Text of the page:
Watercolour studies exploring temperature variations through thermal mass
Clay study models using excavation as a means to create space
Plaster sectional models of the light wells in the Taller building. Each nook is designed for an individual to sit and practice their instrument
Isometric drawing showing the various light wells and inhabitable window sills
Aerial photograph of the Taller building
Elevation photograph of the Taller building which is set down into the earth amid a native garden
Long section of the Taller building showing various light well nooks for practicing instruments
Site plan showing the proposed pedestrian pathway from Alazan Creek to the heritage building of Lerma’s nightclub. The proposed community centre is dispersed along the laneway, annexed to the back-side of existing large box stores.
Plan of the timber dance hall and adobe Taller with a native garden in-between
Cross Section of the Taller showing two classrooms with deep window sills and light well nooks for practicing accordion and bajo-sexto guitar.
Pathway to Conjunto! is a community-lead project in the Westside neighbourhood of San Antonio. It rejects the standard model of development that often leads to gentrification and displacement of underprivileged communities. Instead, this project helps to cement the generations-long Tejano heritage by engaging local residents in the construction and management of a new community centre.
The site is defined by large box stores (McDonald’s, Dollar Store, etc) and the excessive asphalt car parks that accompany this typology. The proposed community centre covertly appends itself to the backside of these box stores, claiming under-utilised land for the formation of a pedestrian-only laneway. The new strip, with dispersed community buildings, links Alazan Creek parkway to the existing Lerma’s Nite Club – a historic venue dedicated to supporting the regional Conjunto music.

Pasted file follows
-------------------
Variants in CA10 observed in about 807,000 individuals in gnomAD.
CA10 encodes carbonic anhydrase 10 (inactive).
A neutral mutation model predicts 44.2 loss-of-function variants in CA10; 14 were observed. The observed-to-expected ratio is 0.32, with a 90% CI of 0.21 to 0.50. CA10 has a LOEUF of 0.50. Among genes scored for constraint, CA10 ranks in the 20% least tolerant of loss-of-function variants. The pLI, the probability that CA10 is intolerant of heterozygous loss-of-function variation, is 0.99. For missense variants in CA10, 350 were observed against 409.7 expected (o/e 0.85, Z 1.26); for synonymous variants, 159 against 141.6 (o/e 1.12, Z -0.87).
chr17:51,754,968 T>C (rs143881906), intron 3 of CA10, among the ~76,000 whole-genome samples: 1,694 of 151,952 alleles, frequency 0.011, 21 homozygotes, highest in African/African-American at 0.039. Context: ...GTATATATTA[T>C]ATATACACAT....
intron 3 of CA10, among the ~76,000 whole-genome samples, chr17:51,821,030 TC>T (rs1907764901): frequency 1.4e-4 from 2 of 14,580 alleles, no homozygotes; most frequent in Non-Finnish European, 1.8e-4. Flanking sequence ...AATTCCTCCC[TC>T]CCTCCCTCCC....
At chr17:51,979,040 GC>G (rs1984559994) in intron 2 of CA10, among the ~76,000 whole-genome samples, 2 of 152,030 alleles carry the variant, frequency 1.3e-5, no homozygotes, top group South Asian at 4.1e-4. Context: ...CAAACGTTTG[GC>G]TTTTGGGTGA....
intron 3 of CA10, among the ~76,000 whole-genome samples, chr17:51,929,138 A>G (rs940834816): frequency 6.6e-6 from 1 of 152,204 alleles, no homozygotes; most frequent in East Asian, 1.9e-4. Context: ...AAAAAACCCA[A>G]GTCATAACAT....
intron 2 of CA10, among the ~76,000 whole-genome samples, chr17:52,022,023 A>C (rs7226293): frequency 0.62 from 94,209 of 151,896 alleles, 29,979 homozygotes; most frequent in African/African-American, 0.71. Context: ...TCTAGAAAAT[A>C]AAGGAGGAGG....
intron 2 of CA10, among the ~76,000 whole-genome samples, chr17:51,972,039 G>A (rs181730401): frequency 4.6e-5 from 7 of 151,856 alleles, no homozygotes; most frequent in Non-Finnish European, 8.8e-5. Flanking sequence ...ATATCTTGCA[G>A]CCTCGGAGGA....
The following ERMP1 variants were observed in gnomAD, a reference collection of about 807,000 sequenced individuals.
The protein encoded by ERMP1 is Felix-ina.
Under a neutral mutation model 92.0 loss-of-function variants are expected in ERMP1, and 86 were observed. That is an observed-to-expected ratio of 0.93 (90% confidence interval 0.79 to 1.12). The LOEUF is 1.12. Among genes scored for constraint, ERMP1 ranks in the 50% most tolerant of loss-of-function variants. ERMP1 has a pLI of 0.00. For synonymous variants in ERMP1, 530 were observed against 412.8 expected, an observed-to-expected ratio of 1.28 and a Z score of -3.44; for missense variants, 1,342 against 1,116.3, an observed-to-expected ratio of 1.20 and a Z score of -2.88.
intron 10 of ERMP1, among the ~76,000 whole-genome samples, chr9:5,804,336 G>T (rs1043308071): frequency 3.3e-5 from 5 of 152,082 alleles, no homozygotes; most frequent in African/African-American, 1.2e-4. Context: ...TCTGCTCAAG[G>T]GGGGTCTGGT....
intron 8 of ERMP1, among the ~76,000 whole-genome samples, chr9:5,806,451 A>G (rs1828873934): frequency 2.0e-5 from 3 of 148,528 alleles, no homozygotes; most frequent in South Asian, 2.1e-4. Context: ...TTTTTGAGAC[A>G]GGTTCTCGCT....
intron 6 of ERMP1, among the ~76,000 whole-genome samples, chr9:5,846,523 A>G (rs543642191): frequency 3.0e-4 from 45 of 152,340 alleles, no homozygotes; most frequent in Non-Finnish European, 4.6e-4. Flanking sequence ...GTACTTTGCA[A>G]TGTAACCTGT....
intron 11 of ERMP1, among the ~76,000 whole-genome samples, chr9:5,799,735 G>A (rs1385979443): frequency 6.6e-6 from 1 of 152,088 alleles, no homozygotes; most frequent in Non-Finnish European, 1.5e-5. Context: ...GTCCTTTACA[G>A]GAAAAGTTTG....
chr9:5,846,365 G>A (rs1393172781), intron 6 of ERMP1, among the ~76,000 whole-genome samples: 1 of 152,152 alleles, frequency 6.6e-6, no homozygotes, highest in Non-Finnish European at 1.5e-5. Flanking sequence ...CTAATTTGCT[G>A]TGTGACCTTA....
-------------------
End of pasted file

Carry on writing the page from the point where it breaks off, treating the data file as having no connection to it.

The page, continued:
Drawing parallels between the mixed musical style of Conjunto (a combination of the Mexican bajo-sexto guitar with the German button-accordion) and the heterogeneous mixture of the local architecture (Mexican adobe buildings and European timber construction) this project celebrates all that is inter-cultural. Each of the proposed buildings, with its distinct Conjuntorelated programme, is constructed using timber, adobe or a combination of the two.
The entire development is implemented in phases, allowing the community to grow alongside the architecture. The first phase includes construction of the laneway and the first annexed building; a “Taller” for learning accordion and bajo sexto guitar. Constructed in adobe brick, the Taller is set down into the earth, providing both thermal coolness and a safe, internalised space for learning. The second phase includes a lightweight timber dance hall that opens up to the warm climate allowing music to propagate. Elevated by three steps, this building provides a psychological clue that the activity is celebratory; literally raised up and on display. Following phases include a visiting artist residence, exhibition space, library, recording studios and a soup kitchen.